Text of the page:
Nothing moves very quickly in the poetry world, but I was very happy to have Fashionable Noise, from 2003, reviewed in the online journal EconoCulture by a guy I knew (barely, he was two or so years younger than me, which in college means a decade) back at Bard named Mike McDonough. He’s got a sense of humor!

How I Learned to Stop Worrying and Love Cyberpoetry

by Michael McDonough

Fashionable Noise: On Digital Poetics
by Brian Kim Stefans
Atelos, $12.95
ISBN 1-891190-14-8,
Supplements to the book can be found here.
    I hates cyberpoetry
    And I can’t hates no more
        — a poet

I had no idea what cyberpoetry was before I encountered Brian Kim Stefans’ book Fashionable Noise: On Digital Poetics, (Atelos 2003) and, subsequently, the work on his website  I already knew Stefans as a brilliant student of Modernism, from our undergrad years at Bard College (he was seriously into Zukofsky’s A when I had just figured out Lawrence Ferlinghetti), so I thought I would give it a try.  I figured anything with the prefix cyber- was going to be self-consciously cool and high-tech.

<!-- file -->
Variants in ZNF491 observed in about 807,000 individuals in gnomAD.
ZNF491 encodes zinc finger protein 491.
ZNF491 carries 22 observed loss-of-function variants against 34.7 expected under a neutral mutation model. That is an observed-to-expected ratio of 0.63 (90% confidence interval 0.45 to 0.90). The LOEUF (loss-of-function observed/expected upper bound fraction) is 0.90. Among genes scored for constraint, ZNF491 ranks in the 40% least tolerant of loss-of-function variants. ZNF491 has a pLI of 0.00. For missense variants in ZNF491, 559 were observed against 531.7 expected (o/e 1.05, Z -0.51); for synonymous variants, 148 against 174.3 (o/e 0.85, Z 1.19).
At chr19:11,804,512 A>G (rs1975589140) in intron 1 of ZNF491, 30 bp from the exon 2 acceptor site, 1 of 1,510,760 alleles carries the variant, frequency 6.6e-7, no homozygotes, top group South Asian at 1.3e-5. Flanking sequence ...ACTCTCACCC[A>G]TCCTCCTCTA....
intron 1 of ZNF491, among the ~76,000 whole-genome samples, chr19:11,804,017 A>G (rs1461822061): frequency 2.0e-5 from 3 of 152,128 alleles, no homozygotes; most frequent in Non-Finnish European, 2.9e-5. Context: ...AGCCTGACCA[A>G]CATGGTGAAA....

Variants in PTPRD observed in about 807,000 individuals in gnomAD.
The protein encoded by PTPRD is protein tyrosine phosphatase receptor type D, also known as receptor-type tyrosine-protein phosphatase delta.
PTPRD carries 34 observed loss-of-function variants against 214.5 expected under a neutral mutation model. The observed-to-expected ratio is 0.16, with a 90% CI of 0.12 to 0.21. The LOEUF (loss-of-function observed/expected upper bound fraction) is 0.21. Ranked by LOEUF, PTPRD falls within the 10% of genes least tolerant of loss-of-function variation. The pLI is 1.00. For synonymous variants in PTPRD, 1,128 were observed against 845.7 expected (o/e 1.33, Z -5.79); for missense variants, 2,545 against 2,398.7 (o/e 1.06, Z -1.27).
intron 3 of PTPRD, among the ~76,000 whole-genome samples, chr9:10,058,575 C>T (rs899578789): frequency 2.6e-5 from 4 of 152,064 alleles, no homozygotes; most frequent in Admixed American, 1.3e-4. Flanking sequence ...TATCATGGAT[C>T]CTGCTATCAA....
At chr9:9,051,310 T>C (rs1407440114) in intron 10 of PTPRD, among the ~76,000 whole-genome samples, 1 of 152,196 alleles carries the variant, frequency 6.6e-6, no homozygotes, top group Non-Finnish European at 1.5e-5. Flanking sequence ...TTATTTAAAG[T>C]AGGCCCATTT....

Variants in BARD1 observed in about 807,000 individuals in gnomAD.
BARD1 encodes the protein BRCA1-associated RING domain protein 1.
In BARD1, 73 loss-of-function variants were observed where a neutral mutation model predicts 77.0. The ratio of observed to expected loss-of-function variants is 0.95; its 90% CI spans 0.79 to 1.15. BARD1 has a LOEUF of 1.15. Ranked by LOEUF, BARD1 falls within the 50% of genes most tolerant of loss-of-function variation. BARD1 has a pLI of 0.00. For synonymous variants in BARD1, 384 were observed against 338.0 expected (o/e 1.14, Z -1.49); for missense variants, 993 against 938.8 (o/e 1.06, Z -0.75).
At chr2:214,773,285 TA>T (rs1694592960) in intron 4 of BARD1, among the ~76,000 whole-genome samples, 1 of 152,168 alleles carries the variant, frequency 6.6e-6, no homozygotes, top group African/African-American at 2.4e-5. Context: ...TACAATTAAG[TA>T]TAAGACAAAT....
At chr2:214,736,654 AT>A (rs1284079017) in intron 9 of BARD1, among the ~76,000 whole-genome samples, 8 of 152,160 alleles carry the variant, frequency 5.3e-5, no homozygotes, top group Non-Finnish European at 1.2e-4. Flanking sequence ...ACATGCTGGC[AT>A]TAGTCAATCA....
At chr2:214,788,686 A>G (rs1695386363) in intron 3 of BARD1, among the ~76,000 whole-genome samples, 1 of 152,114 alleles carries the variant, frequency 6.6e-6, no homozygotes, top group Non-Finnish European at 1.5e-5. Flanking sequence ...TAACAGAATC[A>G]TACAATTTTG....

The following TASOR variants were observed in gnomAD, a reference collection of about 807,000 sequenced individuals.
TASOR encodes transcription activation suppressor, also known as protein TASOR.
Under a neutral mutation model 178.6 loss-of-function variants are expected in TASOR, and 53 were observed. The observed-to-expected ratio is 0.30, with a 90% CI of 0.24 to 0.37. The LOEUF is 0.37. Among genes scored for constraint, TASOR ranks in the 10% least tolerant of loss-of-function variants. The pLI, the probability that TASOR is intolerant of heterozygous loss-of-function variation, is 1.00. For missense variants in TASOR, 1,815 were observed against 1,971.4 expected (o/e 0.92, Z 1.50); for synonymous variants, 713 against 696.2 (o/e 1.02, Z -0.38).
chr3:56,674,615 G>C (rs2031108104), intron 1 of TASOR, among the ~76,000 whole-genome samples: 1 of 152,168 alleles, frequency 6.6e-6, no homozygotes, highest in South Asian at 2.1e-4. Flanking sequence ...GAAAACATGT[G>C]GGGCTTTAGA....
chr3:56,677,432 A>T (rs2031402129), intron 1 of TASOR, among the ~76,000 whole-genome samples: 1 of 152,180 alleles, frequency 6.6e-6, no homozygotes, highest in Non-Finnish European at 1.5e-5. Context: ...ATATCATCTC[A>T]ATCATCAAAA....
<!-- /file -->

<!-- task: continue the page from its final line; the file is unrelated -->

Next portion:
A chat Stefans had with Darren Wershler-Henry is transcribed in the book, and it provides a breezy overview of the field, but abounds with high-tech jargon and avant garde movements: Neo-Fluxus and Brazilian Concrete are just the tip of the iceberg.  There seem to be as many sub-genres of cyberpoetry as death metal.  Soon, we’re down to genres with only one pure practitioner—maybe not the best start for a beginner.  But the chat makes clear that cyberpoetry exists in the zone where words meet readers: the interface, a word I am going to say a lot in this piece.  Some examples of artistic interfaces are animated texts, digital settings of printed texts, and cyberpoems created by running source texts through various computer algorithms. 

Read the rest of the review…